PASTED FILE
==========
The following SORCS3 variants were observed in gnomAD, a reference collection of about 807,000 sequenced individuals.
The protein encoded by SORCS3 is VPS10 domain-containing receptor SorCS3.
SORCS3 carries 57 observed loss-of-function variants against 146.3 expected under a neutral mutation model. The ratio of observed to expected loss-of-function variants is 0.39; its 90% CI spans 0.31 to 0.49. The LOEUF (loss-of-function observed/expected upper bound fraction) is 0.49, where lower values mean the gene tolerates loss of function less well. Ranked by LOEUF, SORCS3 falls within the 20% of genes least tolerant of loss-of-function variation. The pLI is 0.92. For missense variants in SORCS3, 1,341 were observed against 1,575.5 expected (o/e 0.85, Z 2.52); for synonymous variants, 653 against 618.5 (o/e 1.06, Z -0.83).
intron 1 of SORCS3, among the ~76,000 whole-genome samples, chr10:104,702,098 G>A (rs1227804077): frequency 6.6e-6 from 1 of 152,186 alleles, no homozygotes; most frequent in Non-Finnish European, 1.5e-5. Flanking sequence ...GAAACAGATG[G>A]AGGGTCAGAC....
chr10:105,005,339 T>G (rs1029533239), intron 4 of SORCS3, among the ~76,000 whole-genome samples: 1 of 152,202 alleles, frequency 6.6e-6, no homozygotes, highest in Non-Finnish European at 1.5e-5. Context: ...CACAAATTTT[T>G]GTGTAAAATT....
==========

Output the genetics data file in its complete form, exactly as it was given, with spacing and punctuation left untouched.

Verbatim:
The following SORCS3 variants were observed in gnomAD, a reference collection of about 807,000 sequenced individuals.
The protein encoded by SORCS3 is VPS10 domain-containing receptor SorCS3.
SORCS3 carries 57 observed loss-of-function variants against 146.3 expected under a neutral mutation model. The ratio of observed to expected loss-of-function variants is 0.39; its 90% CI spans 0.31 to 0.49. The LOEUF (loss-of-function observed/expected upper bound fraction) is 0.49, where lower values mean the gene tolerates loss of function less well. Ranked by LOEUF, SORCS3 falls within the 20% of genes least tolerant of loss-of-function variation. The pLI is 0.92. For missense variants in SORCS3, 1,341 were observed against 1,575.5 expected (o/e 0.85, Z 2.52); for synonymous variants, 653 against 618.5 (o/e 1.06, Z -0.83).
intron 1 of SORCS3, among the ~76,000 whole-genome samples, chr10:104,702,098 G>A (rs1227804077): frequency 6.6e-6 from 1 of 152,186 alleles, no homozygotes; most frequent in Non-Finnish European, 1.5e-5. Flanking sequence ...GAAACAGATG[G>A]AGGGTCAGAC....
chr10:105,005,339 T>G (rs1029533239), intron 4 of SORCS3, among the ~76,000 whole-genome samples: 1 of 152,202 alleles, frequency 6.6e-6, no homozygotes, highest in Non-Finnish European at 1.5e-5. Context: ...CACAAATTTT[T>G]GTGTAAAATT....